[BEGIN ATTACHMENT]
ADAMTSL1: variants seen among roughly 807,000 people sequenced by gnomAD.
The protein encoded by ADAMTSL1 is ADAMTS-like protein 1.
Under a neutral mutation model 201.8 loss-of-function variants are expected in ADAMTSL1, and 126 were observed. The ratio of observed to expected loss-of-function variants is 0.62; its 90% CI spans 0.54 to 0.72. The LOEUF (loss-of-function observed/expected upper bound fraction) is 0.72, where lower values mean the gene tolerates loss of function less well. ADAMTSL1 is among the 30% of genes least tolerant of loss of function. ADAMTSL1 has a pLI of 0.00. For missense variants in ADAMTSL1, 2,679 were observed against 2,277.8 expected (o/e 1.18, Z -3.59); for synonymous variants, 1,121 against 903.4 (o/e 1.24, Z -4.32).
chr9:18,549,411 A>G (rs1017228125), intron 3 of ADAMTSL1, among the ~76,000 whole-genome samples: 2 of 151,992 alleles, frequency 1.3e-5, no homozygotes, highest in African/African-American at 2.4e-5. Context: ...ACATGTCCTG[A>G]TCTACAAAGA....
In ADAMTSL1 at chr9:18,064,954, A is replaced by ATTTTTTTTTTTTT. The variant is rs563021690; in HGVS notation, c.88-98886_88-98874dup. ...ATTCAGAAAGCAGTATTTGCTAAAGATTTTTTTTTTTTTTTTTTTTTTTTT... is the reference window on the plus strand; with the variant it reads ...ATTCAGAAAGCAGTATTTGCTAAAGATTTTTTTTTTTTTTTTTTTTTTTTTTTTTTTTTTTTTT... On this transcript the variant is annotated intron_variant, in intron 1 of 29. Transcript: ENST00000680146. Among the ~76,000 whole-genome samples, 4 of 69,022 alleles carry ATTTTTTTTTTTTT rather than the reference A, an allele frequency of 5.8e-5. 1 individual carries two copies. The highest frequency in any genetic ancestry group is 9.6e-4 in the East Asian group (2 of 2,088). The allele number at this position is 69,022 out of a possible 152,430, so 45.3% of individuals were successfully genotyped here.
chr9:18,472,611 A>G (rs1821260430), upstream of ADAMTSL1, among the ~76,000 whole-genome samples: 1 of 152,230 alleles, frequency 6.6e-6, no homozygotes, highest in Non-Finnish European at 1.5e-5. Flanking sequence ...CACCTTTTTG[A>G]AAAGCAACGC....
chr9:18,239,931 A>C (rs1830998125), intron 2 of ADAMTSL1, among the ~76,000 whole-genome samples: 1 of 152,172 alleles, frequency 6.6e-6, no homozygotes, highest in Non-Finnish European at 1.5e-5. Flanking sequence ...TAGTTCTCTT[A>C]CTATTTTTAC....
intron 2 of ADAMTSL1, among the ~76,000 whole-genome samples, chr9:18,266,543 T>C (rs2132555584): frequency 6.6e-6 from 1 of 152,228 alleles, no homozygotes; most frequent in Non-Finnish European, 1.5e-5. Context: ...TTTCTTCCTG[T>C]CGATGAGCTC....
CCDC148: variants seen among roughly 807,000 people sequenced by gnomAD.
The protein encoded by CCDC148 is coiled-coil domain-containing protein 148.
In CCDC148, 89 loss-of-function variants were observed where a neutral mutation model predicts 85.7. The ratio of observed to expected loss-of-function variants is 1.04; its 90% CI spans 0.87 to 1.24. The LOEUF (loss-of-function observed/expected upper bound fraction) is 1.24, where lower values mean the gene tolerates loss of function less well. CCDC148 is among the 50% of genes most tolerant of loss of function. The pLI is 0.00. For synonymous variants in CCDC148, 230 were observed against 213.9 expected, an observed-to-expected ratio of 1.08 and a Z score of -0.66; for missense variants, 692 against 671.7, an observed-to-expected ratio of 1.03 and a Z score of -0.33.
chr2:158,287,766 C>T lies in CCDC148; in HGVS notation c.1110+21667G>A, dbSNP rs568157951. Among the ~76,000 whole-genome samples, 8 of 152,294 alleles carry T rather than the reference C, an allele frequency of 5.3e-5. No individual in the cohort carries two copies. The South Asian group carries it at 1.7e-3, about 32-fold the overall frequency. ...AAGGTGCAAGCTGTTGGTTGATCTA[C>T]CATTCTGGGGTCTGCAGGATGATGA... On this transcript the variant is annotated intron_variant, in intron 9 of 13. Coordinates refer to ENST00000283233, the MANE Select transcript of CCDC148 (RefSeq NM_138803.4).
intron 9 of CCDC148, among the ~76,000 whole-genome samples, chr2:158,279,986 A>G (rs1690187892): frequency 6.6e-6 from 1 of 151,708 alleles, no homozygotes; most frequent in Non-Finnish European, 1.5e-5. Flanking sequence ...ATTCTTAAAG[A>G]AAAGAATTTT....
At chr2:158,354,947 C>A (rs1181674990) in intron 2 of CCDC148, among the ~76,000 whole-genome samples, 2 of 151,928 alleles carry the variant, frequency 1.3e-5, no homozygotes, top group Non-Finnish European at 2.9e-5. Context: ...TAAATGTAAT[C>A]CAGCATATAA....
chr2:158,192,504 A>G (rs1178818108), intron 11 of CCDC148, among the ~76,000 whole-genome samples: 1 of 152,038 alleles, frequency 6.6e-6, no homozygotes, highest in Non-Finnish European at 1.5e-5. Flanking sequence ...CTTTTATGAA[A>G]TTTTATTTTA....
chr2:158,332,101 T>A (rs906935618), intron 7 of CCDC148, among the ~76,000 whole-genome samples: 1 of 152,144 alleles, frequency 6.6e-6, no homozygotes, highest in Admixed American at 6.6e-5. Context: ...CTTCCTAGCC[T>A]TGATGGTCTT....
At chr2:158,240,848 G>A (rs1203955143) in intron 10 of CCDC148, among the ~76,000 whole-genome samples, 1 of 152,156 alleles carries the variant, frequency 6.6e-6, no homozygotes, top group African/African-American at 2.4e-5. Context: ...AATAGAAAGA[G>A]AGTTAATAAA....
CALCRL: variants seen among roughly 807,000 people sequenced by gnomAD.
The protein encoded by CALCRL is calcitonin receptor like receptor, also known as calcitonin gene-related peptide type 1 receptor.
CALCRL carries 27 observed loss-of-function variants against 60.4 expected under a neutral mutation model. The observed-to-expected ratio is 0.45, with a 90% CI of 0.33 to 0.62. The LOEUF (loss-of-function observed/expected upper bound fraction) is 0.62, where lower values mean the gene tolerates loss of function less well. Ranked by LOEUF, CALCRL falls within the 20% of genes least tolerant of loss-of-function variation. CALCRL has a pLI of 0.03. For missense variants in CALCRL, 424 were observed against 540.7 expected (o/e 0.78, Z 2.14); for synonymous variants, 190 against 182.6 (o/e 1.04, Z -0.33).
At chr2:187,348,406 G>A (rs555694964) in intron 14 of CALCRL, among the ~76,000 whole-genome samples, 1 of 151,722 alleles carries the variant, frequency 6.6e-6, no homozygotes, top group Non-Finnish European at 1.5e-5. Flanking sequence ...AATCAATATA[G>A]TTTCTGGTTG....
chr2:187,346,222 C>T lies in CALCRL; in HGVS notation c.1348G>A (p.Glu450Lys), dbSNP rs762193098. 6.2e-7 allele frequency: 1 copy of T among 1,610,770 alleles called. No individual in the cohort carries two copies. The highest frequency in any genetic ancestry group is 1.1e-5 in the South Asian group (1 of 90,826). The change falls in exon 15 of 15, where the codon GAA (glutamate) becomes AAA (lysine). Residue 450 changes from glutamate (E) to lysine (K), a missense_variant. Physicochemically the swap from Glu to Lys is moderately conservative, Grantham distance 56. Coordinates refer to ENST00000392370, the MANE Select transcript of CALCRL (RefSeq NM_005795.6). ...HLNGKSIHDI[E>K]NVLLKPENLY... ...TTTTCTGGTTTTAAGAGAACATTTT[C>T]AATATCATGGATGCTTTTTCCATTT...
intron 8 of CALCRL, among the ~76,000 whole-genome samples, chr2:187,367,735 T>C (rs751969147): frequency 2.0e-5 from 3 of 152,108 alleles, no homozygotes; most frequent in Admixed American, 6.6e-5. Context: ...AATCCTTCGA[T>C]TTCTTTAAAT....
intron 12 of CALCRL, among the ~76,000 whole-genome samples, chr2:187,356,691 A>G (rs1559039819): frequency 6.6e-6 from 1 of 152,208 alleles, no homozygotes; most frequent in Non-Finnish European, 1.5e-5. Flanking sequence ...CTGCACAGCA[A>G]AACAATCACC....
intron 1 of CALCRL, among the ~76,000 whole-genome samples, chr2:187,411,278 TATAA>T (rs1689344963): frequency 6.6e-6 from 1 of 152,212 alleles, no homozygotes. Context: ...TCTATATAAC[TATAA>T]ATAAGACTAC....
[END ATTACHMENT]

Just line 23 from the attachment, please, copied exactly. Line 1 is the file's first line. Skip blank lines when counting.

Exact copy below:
intron 8 of CALCRL, among the ~76,000 whole-genome samples, chr2:187,367,735 T>C (rs751969147): frequency 2.0e-5 from 3 of 152,108 alleles, no homozygotes; most frequent in Admixed American, 6.6e-5. Context: ...AATCCTTCGA[T>C]TTCTTTAAAT....